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Mirai Botnet Starts Exploiting OMIGOD Flaw as Microsoft Issues More Guidance

Microsoft on Thursday published additional guidance on addressing recently disclosed vulnerabilities in the Open Management Infrastructure (OMI) framework, along with new protections to resolve the bugs within affected Azure Virtual Machine (VM) management extensions.

Microsoft on Thursday published additional guidance on addressing recently disclosed vulnerabilities in the Open Management Infrastructure (OMI) framework, along with new protections to resolve the bugs within affected Azure Virtual Machine (VM) management extensions.

Microsoft’s guidance was published just as researchers noticed that one of the vulnerabilities is already being exploited in the wild. It appears that the Mirai botnet is attempting to compromise vulnerable systems and that it also closes port 5896 (OMI SSL port) to keep other attackers out.

An open-source Web-Based Enterprise Management (WBEM) implementation, OMI allows for the management of Linux and UNIX systems and is used in various Azure services and Azure Virtual Machine (VM) management extensions.

As part of the September 2021 patches, Microsoft addressed four issues in OMI, one critical bug leading to unauthenticated remote code execution and three high-severity flaws allowing an attacker to elevate privileges. The issues were identified by security researchers with Wiz, which named the RCE defect OMIGOD.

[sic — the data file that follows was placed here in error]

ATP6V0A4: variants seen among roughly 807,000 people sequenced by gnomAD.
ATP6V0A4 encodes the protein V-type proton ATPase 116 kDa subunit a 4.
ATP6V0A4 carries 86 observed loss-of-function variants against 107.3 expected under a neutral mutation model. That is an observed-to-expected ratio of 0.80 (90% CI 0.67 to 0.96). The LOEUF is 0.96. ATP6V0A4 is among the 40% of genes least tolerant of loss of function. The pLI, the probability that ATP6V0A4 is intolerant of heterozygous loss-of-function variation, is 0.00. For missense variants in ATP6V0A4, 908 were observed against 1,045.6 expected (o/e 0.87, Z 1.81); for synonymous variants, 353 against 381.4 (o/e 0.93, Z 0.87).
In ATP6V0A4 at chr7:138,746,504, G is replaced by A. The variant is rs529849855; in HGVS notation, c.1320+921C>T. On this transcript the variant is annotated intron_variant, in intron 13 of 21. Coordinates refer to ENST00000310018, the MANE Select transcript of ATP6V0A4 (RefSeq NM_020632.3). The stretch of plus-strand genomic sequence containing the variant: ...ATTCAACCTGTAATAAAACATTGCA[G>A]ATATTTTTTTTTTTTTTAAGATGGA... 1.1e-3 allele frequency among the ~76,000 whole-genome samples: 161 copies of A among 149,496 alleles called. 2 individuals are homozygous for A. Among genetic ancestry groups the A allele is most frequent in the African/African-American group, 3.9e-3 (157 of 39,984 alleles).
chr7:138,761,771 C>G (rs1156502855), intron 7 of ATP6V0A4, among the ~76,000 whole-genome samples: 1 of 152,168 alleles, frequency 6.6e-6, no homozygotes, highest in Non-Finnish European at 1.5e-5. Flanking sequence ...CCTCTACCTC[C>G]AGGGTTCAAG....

The OMIGOD vulnerability, officially tracked as CVE-2021-38647, is the one reportedly exploited by the Mirai botnet.

According to Microsoft, OMIGOD “only impacts customers using a Linux management solution (on-premises SCOM or Azure Automation State Configuration or Azure Desired State Configuration extension) that enables remote OMI management.”

Microsoft has released additional protections for the affected extensions and encourages customers to update them for both cloud and on-premises deployments. Where automatic updates are enabled, the patches should become globally available by September 18, without a reboot. Otherwise, manually updating the affected components is required.

Affected extensions include System Center Operations Manager (SCOM), Azure Automation State Configuration (DSC Extension), Azure Automation State Configuration (DSC Extension), Log Analytics Agent, Azure Diagnostics (LAD), Azure Automation Update Management, Azure Automation, Azure Security Center, and Container Monitoring Solution.

OMI as a standalone package was patched in August and customers are advised to manually update it to version 1.6.8-1 or above to remain protected.

“New VM’s in these regions will be protected from these vulnerabilities post the availability of updated extensions,” Microsoft says.

The tech giant also notes that VMs deployed within a Network Security Group (NSG) or protected by a perimeter firewall, where access to Linux systems that expose the OMI ports is restricted, should be safe from the RCE flaw.

Azure customers running Linux VMs are advised to apply the available patches as soon as possible, especially since a proof-of-concept (PoC) exploit targeting the flaws is already publicly available.

Related: Severe Vulnerabilities Could Expose Thousands of Azure Users to Attacks

Related: Patch Tuesday: Microsoft Plugs Exploited MSHTML Zero-Day Hole

Written By

Ionut Arghire is an international correspondent for SecurityWeek.

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